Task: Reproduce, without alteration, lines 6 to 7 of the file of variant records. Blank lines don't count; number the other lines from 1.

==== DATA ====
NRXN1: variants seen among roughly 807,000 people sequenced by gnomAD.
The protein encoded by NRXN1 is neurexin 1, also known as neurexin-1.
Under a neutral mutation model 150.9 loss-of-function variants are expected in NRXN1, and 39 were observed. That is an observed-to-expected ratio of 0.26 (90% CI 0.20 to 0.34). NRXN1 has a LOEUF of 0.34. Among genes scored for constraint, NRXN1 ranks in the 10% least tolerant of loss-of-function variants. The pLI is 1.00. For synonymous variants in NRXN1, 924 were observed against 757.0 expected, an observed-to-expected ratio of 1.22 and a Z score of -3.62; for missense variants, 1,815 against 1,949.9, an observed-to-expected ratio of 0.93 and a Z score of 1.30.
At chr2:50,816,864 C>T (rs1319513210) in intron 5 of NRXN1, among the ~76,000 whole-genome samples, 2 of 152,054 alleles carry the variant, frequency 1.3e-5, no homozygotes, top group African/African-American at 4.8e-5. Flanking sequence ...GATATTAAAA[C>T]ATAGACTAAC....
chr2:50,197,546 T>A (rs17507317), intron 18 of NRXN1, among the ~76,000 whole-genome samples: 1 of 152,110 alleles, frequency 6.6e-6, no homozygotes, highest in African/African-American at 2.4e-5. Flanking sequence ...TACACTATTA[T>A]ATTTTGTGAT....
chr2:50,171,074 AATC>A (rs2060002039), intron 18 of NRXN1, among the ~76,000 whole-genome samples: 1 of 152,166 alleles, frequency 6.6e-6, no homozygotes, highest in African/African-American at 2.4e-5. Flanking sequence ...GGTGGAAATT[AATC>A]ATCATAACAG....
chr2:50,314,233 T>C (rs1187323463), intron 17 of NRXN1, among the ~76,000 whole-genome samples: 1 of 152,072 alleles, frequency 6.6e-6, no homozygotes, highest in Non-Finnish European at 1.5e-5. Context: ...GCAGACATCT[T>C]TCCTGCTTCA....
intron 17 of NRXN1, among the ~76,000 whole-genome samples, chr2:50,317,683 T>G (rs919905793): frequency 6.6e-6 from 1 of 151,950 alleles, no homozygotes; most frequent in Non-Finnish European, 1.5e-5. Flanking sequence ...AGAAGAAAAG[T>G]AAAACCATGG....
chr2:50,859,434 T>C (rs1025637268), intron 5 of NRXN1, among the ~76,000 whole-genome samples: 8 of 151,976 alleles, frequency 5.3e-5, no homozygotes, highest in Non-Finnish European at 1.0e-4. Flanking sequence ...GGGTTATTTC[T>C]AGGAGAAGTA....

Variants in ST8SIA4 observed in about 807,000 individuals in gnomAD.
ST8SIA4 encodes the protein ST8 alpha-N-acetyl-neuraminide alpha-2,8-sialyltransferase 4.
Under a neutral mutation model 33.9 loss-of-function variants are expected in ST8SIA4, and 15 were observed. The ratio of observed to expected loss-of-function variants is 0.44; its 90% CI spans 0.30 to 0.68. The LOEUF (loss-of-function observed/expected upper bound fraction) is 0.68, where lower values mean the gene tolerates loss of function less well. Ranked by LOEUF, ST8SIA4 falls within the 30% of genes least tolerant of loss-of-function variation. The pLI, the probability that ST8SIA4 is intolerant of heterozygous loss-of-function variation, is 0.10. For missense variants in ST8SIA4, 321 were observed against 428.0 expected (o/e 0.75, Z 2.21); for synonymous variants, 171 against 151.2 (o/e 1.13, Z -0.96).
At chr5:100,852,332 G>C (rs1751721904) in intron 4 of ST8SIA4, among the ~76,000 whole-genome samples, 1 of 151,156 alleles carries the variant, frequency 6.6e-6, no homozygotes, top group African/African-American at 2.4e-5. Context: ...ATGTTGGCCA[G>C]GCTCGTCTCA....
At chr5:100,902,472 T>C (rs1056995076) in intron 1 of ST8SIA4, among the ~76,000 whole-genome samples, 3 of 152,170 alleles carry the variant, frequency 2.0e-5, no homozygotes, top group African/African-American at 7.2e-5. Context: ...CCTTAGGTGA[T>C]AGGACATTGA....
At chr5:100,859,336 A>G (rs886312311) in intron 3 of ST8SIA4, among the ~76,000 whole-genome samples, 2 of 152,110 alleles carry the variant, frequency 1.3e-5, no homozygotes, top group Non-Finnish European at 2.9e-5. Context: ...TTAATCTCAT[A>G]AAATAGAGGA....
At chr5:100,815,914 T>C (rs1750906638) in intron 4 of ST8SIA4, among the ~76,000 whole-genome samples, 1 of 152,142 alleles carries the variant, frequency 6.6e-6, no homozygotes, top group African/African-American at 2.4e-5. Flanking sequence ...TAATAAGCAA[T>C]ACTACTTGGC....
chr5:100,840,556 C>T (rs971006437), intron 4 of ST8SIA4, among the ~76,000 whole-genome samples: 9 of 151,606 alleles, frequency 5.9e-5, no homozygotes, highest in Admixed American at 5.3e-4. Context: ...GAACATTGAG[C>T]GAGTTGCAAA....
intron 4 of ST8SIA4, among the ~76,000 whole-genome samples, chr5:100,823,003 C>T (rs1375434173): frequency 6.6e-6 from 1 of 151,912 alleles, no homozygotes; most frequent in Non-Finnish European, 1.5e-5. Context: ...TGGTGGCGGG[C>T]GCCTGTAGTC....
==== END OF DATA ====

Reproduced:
chr2:50,171,074 AATC>A (rs2060002039), intron 18 of NRXN1, among the ~76,000 whole-genome samples: 1 of 152,166 alleles, frequency 6.6e-6, no homozygotes, highest in African/African-American at 2.4e-5. Flanking sequence ...GGTGGAAATT[AATC>A]ATCATAACAG....
chr2:50,314,233 T>C (rs1187323463), intron 17 of NRXN1, among the ~76,000 whole-genome samples: 1 of 152,072 alleles, frequency 6.6e-6, no homozygotes, highest in Non-Finnish European at 1.5e-5. Context: ...GCAGACATCT[T>C]TCCTGCTTCA....